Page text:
More than 127 years since Kenya became a British protectorate, our fascination with the British Isles has been rekindled by Brexit and clever marketing.
Noted the rising number of students now going to study in the United Kingdom (UK) instead of the United States (US)?
I recently paid a visit to this land which was last conquered by the Nomads in 1066AD. I wanted to understand what made this island a global power and why they want to detach themselves from the rest of Europe.
In a week, I travelled from south to midlands and northeast by train and by car. I left Scotland, Wales and Ireland for the next trip. Here are some of the memorable observations.
The Britons tried to replicate their systems in their colonies. London was replicated in Nairobi, with Uhuru Park being Hyde Park but smaller.
In replication, they made sure the grander of London was never rivalled in colonies. The US replicated England but on a large scale. Noted how big everything is in the US?
London has lots of expressways like Nairobi’s. You will be fined £130 (Sh20,000) for riding on the bus lane. Train tickets have no names to allow transferability.
British pride is deep; think of a country that has not been invaded since 1066AD and once ruled a quarter of the world’s landmass.
It won two world wars and gave the world English, the language of business and the internet. What are we proud of? What are our national achievements?
There are “small people” in England, too. One guy came hawking earphones to me on the streets of London. Who said hustling is not universal? England lacks the dynamism of America. Malls close at 9pm in London, they open 24 hours in the US. This laid back way of life makes Europe feel more cultured and attracts lots of tourists. Looking at old houses in England, I got a feeling that the English would love to preserve their way of life, while we would love to change as quickly as possible.
New buildings rhyme with the old. Away from England, the English try to keep their way of life. Noted high tea and English breakfast in our hotels?
Renewables are large in England. Solar and wind farms are common. The most fascinating part of renewables is placing wind turbines in the sea. I was told to keep off the noise.
How did the UK keep large farms after almost 1000 years? England looks like Tigoni in Limuru. Never seen small farms like in Kenya. It seems you either stay in town or on large farms. Can we stop fragmenting land in Kenya?
Railways are at the core of the English transport system and they all seem SGR (standard gauge railway). Electric trains are the norm.
A sign on the train says if you are delayed by more than 15 minutes, you could be compensated! Why are we afraid of trains in Kenya?
There is good integration of transport among road, rail and air (I did not visit any port). Eurostar, the train from Europe under the English Channel is well-linked with domestic trains. There are few forests, mountains and rivers in England. That makes the landscape monotonous. We should preserve our forests and national parks.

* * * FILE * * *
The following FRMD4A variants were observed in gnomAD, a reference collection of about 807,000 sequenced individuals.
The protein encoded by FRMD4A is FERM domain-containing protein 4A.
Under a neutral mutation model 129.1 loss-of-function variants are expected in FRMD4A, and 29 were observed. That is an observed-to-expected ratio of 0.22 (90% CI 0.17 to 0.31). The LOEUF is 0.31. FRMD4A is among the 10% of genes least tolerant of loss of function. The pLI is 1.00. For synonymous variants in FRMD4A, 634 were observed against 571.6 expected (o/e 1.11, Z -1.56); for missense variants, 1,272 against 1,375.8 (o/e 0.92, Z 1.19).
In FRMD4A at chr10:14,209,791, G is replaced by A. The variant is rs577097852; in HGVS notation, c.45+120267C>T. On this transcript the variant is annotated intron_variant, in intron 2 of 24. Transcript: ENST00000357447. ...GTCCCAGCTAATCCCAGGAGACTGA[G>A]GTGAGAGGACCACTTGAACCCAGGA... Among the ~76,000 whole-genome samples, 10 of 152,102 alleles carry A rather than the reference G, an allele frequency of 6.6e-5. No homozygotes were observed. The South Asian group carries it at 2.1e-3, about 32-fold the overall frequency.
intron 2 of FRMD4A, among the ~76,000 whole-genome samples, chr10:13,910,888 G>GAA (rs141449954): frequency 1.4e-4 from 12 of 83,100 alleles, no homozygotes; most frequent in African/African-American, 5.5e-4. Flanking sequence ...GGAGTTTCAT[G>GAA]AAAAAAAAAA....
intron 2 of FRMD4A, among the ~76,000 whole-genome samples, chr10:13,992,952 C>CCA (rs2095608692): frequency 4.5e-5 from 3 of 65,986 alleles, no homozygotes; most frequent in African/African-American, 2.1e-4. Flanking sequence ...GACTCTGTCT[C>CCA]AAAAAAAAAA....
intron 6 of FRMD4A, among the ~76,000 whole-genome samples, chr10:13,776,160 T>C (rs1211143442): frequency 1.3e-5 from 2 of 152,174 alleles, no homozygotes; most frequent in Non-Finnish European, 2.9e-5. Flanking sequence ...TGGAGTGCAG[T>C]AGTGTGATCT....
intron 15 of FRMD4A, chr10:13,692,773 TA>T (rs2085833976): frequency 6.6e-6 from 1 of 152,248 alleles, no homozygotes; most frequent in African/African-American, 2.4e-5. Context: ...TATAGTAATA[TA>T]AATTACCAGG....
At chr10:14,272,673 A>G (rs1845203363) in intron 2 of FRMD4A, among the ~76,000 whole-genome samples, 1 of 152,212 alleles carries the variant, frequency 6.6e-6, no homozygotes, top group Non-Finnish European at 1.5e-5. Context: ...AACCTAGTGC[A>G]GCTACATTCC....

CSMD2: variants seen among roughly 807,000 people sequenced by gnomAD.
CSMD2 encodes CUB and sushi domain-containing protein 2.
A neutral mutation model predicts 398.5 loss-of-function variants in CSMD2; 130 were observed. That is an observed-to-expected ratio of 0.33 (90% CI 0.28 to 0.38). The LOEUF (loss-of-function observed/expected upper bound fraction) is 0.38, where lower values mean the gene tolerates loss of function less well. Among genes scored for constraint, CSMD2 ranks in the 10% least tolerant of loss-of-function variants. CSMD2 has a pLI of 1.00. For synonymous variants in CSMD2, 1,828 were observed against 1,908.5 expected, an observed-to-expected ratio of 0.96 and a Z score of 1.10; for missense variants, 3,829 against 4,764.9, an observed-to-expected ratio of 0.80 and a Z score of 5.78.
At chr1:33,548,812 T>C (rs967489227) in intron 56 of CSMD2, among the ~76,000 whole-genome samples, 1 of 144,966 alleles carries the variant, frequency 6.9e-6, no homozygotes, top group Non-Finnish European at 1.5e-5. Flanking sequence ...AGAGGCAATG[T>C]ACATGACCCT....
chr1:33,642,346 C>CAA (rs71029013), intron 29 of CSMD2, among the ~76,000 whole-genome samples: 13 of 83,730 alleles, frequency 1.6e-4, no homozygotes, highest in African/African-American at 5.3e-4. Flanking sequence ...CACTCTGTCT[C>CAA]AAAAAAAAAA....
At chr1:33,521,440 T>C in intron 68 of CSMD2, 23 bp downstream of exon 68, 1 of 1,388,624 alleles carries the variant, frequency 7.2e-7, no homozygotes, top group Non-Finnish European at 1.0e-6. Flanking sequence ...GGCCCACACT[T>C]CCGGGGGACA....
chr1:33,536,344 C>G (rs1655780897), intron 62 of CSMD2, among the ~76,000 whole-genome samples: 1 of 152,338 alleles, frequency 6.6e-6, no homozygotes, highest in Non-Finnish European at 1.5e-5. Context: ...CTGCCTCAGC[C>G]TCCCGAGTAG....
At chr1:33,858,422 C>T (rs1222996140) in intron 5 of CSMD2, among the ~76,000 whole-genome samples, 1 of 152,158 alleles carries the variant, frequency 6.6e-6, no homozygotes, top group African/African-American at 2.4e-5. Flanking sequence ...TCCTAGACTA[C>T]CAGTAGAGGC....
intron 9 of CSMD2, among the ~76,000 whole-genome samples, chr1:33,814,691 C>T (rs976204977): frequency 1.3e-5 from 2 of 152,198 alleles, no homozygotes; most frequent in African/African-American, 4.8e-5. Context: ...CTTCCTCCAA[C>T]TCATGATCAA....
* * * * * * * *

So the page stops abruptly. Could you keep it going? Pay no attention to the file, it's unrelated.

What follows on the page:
Demand and supply
In hotels, they use dynamic pricing, depending on supply and demand. What you pay on Friday could be different from what you pay Monday.
I noted that major supermarkets such as Tesco or Sainsbury have local branches to take services closer to the people. Remember Uchumi jipange?
Britons exported their ideas to colonies from rails to religion and manners, but it will take years before they get root. Trying to imitate a 1000-year-old country is not easy. It will take time. The systems took root in the US or Australia because they are the same people.
Visitors and immigrants to England enjoy the freedom that could be restrained by religion or culture. They come to shop and bring their money. Shopping malls feel like mini-United Nations.
London is like a magnet attracting money from all over the world. Signs are everywhere, from Etihad to Emirates stadiums. The Ukrainian crisis exposed further the sources of money that drive London.
There is a diversity of thought and tolerance in England. Seeing demonstrations on the streets of London against Covid-19 vaccination was surprising. We have skeptical people everywhere. We are all the same, I found the same worry over Ukraine and Third World War.
We did away with our Kingdoms, yet we are at home with the Prince of Wales and the Duke of Edinburg. Noted how each part of the UK “owns” some royalty?
Paradoxically, London is one of the biggest tourist attractions with about 20 million of them. Lots of visitors are from the former British colonies. It seems the wind of change that brought independence to the colonies has finally changed direction and is blowing back to England.
The lasting lesson from a visit to the UK? It takes time to build a nation. We have been a nation for only 60 years but we could extend to 127 years if 1895 can be declared as the birth of our country when it became a British protectorate.
We need some patience, but we are almost there. Then like in England, we can reach the rest of the world and make it our playground. The UK could not have made the world its playground if not first putting her house in order.
Withdrawal from the European Union is partly driven by nostalgia for the Empire’s golden age. I did not visit a typical English home, that could have given me a deeper understanding of the English, their fears and dreams.